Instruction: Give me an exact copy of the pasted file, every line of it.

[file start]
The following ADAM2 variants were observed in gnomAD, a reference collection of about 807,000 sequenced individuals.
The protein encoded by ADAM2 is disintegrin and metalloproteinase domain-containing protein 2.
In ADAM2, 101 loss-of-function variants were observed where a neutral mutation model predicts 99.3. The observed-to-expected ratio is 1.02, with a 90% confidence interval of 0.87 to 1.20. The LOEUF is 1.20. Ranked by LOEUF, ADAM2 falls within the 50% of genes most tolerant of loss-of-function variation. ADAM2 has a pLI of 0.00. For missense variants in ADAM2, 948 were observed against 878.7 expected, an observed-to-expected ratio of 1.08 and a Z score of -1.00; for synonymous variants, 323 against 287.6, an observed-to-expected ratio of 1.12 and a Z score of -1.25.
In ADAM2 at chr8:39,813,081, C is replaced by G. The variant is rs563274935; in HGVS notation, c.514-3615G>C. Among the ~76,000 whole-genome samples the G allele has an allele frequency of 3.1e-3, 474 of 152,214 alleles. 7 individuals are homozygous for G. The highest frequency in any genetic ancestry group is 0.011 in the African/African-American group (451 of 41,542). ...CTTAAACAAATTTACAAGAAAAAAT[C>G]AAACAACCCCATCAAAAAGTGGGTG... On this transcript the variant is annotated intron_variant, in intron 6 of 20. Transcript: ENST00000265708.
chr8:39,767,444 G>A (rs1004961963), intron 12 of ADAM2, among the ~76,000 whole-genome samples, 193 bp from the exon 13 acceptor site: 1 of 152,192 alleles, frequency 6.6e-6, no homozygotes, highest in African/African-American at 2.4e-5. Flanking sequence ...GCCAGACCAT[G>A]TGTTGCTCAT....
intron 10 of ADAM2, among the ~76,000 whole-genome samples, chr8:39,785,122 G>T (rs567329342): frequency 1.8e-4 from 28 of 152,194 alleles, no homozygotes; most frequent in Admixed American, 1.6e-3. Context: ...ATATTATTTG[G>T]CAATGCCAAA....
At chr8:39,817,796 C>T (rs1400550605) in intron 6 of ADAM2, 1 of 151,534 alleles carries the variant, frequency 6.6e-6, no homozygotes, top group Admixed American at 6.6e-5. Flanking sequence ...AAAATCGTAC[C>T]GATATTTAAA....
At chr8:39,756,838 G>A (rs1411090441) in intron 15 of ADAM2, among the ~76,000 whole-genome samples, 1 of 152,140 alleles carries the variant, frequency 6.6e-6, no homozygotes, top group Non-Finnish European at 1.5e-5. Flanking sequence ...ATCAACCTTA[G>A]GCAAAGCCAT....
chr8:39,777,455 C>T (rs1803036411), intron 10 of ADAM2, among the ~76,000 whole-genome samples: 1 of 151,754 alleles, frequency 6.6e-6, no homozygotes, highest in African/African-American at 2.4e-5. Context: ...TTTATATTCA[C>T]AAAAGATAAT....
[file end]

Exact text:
The following ADAM2 variants were observed in gnomAD, a reference collection of about 807,000 sequenced individuals.
The protein encoded by ADAM2 is disintegrin and metalloproteinase domain-containing protein 2.
In ADAM2, 101 loss-of-function variants were observed where a neutral mutation model predicts 99.3. The observed-to-expected ratio is 1.02, with a 90% confidence interval of 0.87 to 1.20. The LOEUF is 1.20. Ranked by LOEUF, ADAM2 falls within the 50% of genes most tolerant of loss-of-function variation. ADAM2 has a pLI of 0.00. For missense variants in ADAM2, 948 were observed against 878.7 expected, an observed-to-expected ratio of 1.08 and a Z score of -1.00; for synonymous variants, 323 against 287.6, an observed-to-expected ratio of 1.12 and a Z score of -1.25.
In ADAM2 at chr8:39,813,081, C is replaced by G. The variant is rs563274935; in HGVS notation, c.514-3615G>C. Among the ~76,000 whole-genome samples the G allele has an allele frequency of 3.1e-3, 474 of 152,214 alleles. 7 individuals are homozygous for G. The highest frequency in any genetic ancestry group is 0.011 in the African/African-American group (451 of 41,542). ...CTTAAACAAATTTACAAGAAAAAAT[C>G]AAACAACCCCATCAAAAAGTGGGTG... On this transcript the variant is annotated intron_variant, in intron 6 of 20. Transcript: ENST00000265708.
chr8:39,767,444 G>A (rs1004961963), intron 12 of ADAM2, among the ~76,000 whole-genome samples, 193 bp from the exon 13 acceptor site: 1 of 152,192 alleles, frequency 6.6e-6, no homozygotes, highest in African/African-American at 2.4e-5. Flanking sequence ...GCCAGACCAT[G>A]TGTTGCTCAT....
intron 10 of ADAM2, among the ~76,000 whole-genome samples, chr8:39,785,122 G>T (rs567329342): frequency 1.8e-4 from 28 of 152,194 alleles, no homozygotes; most frequent in Admixed American, 1.6e-3. Context: ...ATATTATTTG[G>T]CAATGCCAAA....
At chr8:39,817,796 C>T (rs1400550605) in intron 6 of ADAM2, 1 of 151,534 alleles carries the variant, frequency 6.6e-6, no homozygotes, top group Admixed American at 6.6e-5. Flanking sequence ...AAAATCGTAC[C>T]GATATTTAAA....
At chr8:39,756,838 G>A (rs1411090441) in intron 15 of ADAM2, among the ~76,000 whole-genome samples, 1 of 152,140 alleles carries the variant, frequency 6.6e-6, no homozygotes, top group Non-Finnish European at 1.5e-5. Flanking sequence ...ATCAACCTTA[G>A]GCAAAGCCAT....
chr8:39,777,455 C>T (rs1803036411), intron 10 of ADAM2, among the ~76,000 whole-genome samples: 1 of 151,754 alleles, frequency 6.6e-6, no homozygotes, highest in African/African-American at 2.4e-5. Context: ...TTTATATTCA[C>T]AAAAGATAAT....